From social theories to agri-food system transformation practice: Summary of findings presented in the Delhi conference 'From Research to Impact'

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By Eva Marina Valencia Leñero, Erin McGuire and María Boa-Alvarado*

Agri-food system sustainability challenges

Despite the global commitment to sustainability outlined in the Sustainable Development Goals, our agri-food systems are far from being sustainable, resilient, and just. Social inclusion and environmental protection, which are essential pillars of sustainability, are currently lagging. Despite agri-food systems remaining a primary driver of environmental damage, there is still a global increase in undernourishment, according to the Global Hunger Index. This contributes to pushing the planetary boundaries out of a “safe” zone for humanity, as highlighted by the findings of Campbell and colleagues. For this reason, a group of women from different disciplines and countries collaborated to develop the “X Equity Principles for Societal Transformation” to address the social inclusion challenges of agri-food systems. We presented our results for discussion at the conference “From Research to Impact: Towards Just and Resilient Agri-Food Systems,” organized in New Delhi, India, from October 9th to October 12th, 2023, as part of the CGIAR GENDER Impact Platform activities. The paper abstract has been accepted and submitted to Agricultural Systems in 2023.

About the Delhi conference ‘From Research To Impact: Towards Just and Resilient Agri-food Systems’

The purpose of the conference in Delhi was to increase the knowledge exchange among diverse stakeholders involved in learning and implementing inclusive approaches within spanning academia, NGOs, government, and funders. The event underscored that, in addition to global gender research and evolving organizational mindset changes and political support on social inclusion, there is an increase in tools to enhance the capacities of individuals and teams interested in having more inclusive initiatives. Notable participants, including the Ministry of Agriculture of India, CGIAR centers, USAID, FAO, and GIZ, engaged in panels and capacity-strengthening sessions that utilized tools such as the Woman Empowerment Index in agriculture. The conference featured an open stream and poster sessions showcasing comparative research studies focused on promoting inclusivity in agri-food system cases from all around the world. Our contribution included both social theory information, and capacity-building for practice. Our participation consisted of an open session titled “Proposed X Equity Principles for Transformative Innovation”, providing a critical analysis of agricultural innovation systems frameworks and tools. The session aimed to present the X Equity Principles, a set of rules guiding inclusive research projects to support social transformations in the agri-food systems while seeking expert feedback and contributing to a broader discussion with attendees.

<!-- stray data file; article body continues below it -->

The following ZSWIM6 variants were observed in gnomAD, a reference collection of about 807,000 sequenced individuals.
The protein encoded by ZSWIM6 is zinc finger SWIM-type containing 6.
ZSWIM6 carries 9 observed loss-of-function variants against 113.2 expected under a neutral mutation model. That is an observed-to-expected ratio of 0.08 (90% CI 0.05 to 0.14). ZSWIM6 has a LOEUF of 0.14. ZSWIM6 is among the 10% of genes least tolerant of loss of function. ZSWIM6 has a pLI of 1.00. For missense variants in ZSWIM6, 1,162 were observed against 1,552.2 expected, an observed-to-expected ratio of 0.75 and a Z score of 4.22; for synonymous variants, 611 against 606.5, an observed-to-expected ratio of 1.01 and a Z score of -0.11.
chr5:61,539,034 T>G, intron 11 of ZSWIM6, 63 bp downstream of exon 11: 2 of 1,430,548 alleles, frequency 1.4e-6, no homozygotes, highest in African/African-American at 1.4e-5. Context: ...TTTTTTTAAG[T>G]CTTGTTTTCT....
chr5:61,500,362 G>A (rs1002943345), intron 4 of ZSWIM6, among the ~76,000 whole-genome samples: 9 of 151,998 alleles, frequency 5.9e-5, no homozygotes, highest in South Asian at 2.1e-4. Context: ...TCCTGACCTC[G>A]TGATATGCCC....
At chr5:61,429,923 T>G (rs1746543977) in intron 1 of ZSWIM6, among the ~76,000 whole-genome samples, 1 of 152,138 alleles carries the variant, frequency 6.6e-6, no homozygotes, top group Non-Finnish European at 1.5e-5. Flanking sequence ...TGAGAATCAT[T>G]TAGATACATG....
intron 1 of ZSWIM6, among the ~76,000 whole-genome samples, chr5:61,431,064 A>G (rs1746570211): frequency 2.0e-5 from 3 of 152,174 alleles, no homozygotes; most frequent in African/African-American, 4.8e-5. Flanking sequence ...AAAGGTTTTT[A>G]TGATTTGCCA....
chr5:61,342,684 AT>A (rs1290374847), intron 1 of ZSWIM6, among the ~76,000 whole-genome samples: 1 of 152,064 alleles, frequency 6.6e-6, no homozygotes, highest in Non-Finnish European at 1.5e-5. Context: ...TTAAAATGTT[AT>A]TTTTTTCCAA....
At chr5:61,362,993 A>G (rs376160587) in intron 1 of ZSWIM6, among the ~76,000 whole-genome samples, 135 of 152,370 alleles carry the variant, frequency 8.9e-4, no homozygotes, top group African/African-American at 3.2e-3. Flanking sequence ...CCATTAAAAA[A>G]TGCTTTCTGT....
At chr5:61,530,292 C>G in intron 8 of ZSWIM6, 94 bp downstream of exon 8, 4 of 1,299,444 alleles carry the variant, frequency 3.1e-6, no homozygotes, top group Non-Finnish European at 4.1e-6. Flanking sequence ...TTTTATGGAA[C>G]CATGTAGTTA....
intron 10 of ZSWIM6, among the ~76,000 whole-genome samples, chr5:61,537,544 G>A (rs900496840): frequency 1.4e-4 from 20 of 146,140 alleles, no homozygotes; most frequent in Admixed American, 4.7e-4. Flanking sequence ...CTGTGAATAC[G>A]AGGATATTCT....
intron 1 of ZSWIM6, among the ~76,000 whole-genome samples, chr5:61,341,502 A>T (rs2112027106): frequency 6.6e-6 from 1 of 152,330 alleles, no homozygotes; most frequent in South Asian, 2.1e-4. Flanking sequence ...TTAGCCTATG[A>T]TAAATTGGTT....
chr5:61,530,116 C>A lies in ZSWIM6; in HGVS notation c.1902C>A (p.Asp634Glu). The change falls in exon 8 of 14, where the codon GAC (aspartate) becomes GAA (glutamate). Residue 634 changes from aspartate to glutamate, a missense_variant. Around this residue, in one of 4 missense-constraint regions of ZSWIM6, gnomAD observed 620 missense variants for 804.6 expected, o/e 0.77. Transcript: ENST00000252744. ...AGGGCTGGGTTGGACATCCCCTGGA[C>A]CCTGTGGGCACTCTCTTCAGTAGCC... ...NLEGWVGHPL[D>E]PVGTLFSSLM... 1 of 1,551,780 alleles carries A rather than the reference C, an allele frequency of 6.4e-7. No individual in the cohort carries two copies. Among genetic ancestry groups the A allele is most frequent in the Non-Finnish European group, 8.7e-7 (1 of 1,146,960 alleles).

Presenting the equity principles for social transformation

During our panel, we shared the findings of our research, which involved the application of social theories to agricultural innovation development tools. The objective was to identify principles for social transformation that could be applied in practice. We conducted this research to address a gap in the development of agricultural innovations. In practice, the focus had traditionally been on technological advancements, with positive social outcomes typically neglected and treated as external factors rather than being integrated as intrinsic components of the innovation process. In response to this, our research delved into various social theories, such as feminism, decoloniality, human rights, power dynamics, institutionalization, and social capital. Throughout our study, we examined three tools and frameworks that are commonly used in Agriculture for Development Research to develop agri-food system innovations: the Multi-Level Perspective, the Product Lifecycle from USAID, and the Scaling Readiness. We demonstrated that by incorporating social theory considerations, these tools could also be effectively employed during innovation processes that contribute to social transformation. These three tools could be used to intentionally innovate and scale for positive social outcomes if some social theory considerations were incorporated. As we reflected on this, we emphasized that these tools should incorporate considerations such as:

  • Who is involved?
  • What are the power and cultural relations to be acknowledged in the development of agri-food innovations?
  • What are resources required to develop social transformative innovations?
  • What can different stakeholders do to develop more inclusive innovations?